Next, think about the time you spend at each stop. On average, spend anything from 5-15 minutes at each stop. There are no hard and fast rules to this, but do bear in mind that spending less than 5 minutes at each stop can make the tour feel rushed and lightweight (unless you’re on a super-speedy highlights tour) and conversely, spending longer than 15 minutes in any one place will result in participants starting to shuffle and look away as they lose concentration (unless you’re on a slow-looking tour!).

Finally, spend some time thinking about a stop that doesn’t work well on your current tour. Have a think first about ways to improve it.

  • If it’s not a ‘must-see’, maybe you can replace it with something else that works better?
  • Or maybe it’s a case of standing somewhere different so that your participants can see/hear better?
  • Or maybe you can bring along some new materials (laminate/iPad) to enhance understanding of what the site used to look like?

If none of these work and you’re still unsure about the stop, it’s time to put it into retirement and come up with something new. Maybe you can add a new stop or maybe you can spend longer somewhere else, but there is no point flogging a stop that just doesn’t work!

Share New Stories

For guides, information is never fixed or static. You never arrive at the point where you know everything. There is always more to learn, to find out, to add to your guided tour.

So, subscribe to a new blog, read some new articles or watch video clips will help to give inspiration on new pieces of information to share. Maybe you always talk about certain themes on your tour – could you introduce any new ones? Or focus on a certain historical figure? By looking at the themes and stories that you tell, you can start to see if you can make any adjustments so that you are not always talking about the same subjects and people. Stretching yourself to find new information or do new research could be the boost your tour needs to start receiving 5 star reviews every time.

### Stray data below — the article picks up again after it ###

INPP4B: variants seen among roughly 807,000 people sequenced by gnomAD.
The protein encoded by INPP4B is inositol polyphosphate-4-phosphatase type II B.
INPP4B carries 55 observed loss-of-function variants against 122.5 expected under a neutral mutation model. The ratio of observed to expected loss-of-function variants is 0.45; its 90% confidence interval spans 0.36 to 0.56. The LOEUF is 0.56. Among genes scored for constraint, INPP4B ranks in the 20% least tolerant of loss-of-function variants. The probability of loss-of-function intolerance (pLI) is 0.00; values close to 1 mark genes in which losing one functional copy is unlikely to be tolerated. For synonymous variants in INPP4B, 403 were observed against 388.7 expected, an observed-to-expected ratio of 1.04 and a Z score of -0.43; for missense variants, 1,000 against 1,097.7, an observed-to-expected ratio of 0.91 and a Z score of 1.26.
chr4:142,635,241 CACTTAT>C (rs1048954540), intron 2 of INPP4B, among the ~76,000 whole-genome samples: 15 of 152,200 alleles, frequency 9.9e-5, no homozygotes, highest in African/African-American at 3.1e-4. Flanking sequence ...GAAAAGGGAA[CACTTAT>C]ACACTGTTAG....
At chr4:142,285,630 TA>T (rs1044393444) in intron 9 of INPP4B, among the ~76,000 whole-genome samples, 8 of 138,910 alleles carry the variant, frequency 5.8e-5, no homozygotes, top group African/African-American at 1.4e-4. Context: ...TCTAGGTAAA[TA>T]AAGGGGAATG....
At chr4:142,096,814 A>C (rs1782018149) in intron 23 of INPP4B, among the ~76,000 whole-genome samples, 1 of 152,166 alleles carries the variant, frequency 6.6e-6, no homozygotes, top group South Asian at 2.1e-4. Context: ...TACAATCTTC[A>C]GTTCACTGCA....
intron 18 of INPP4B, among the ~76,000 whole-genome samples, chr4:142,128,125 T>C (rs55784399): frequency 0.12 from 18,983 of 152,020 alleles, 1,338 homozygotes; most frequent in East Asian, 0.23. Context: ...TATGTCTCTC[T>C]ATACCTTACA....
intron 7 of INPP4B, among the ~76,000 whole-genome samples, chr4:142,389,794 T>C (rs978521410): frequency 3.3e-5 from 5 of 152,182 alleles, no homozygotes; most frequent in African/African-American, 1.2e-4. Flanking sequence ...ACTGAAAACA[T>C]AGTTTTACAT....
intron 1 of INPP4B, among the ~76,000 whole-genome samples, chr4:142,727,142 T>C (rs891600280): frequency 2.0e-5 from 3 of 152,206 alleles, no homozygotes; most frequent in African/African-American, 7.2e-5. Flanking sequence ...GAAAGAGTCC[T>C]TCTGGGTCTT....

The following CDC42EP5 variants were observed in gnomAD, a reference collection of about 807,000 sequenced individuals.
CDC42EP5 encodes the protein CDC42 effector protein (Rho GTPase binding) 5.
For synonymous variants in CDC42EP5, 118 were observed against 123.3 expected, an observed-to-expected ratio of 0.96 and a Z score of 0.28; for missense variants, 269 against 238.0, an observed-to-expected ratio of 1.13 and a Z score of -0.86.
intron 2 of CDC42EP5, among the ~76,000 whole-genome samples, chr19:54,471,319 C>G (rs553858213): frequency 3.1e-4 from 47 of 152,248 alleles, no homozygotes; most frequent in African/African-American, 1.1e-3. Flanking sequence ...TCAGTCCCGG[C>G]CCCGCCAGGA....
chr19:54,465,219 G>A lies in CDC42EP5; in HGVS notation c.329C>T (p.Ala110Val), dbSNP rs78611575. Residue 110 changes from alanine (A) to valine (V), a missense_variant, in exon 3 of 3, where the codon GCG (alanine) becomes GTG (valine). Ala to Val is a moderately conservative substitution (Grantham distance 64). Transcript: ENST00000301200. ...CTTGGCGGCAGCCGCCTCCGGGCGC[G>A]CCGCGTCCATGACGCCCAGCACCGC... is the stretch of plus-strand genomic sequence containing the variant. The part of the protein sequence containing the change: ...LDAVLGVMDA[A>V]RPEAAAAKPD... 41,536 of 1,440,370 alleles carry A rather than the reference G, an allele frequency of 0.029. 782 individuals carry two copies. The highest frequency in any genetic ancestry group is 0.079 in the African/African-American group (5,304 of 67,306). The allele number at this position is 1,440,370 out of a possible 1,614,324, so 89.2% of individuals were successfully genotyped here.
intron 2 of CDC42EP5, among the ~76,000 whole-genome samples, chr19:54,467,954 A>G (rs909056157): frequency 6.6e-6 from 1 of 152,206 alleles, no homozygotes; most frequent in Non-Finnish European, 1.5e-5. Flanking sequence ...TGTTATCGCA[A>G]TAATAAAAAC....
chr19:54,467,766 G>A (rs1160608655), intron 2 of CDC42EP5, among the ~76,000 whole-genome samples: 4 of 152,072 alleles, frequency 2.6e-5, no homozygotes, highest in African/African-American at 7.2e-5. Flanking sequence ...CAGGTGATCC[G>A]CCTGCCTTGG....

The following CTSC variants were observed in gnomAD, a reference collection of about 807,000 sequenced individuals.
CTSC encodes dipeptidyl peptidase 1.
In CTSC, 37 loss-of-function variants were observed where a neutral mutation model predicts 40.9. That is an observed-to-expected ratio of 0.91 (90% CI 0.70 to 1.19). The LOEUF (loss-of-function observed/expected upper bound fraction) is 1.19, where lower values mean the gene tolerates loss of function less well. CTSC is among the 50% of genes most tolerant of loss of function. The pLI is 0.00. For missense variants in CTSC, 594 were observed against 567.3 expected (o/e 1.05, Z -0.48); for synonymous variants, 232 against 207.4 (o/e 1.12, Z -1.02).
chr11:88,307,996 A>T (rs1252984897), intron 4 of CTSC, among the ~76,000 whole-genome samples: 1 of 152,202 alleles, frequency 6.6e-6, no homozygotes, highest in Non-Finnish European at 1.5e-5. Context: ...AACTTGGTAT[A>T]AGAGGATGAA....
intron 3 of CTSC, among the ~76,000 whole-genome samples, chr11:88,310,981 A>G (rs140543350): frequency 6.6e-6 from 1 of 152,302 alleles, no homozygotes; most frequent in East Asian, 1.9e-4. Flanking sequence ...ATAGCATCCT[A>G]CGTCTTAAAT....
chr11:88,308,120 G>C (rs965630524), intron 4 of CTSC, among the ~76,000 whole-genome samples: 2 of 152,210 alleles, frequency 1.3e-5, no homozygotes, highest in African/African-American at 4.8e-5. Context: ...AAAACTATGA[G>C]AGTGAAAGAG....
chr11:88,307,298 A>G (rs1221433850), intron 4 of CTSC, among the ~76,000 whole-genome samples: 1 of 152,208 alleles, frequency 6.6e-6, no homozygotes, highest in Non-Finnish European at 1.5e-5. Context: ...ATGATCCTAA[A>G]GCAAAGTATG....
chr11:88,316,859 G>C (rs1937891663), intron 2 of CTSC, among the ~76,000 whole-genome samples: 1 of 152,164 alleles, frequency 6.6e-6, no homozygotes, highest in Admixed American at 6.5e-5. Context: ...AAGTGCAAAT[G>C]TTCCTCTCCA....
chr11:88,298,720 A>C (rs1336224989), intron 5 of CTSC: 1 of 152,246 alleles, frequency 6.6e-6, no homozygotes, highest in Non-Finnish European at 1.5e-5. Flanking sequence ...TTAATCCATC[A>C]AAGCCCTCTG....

Encourage Interaction

Have you ever found yourself in the same place, at the same time, saying the same thing?

One of the easiest ways to ensure that you never give the same tour twice is to encourage and promote interaction from your participants on your tours. Learn new techniques and tools to help you create enjoyable and inspiring discussions on your interactive guided tours. Ask open-ended questions or use thinking routines to jump-start discussions and make everyone feel part of the discovery process. Encourage everyone to speak by treating everyone’s comments fairly and paraphrasing for others to hear.

Make your guests so curious that they ask YOU questions about what THEY want to know. Using discussion-based techniques you will never find yourself in the same place, at the same time saying the same thing again. And who wants to actually do that anyway? The traditional lecture-style guided tour is dead, long live the interactive tour!

And finally…Don’t do it all alone

As guides, we’re often working alone or in parallel with other guides and our paths rarely cross. So, get advice from a colleague or talk things over with a fellow guide; shadow someone else’s tour or create a working group of a few guides to workshop new ideas for your tours together. Every person you talk to could potentially help you out of your tour rut.

Do you have any top tips to share about how you keep things fresh on your tours? What do you do to stay enthusiastic and passionate about your guided tours?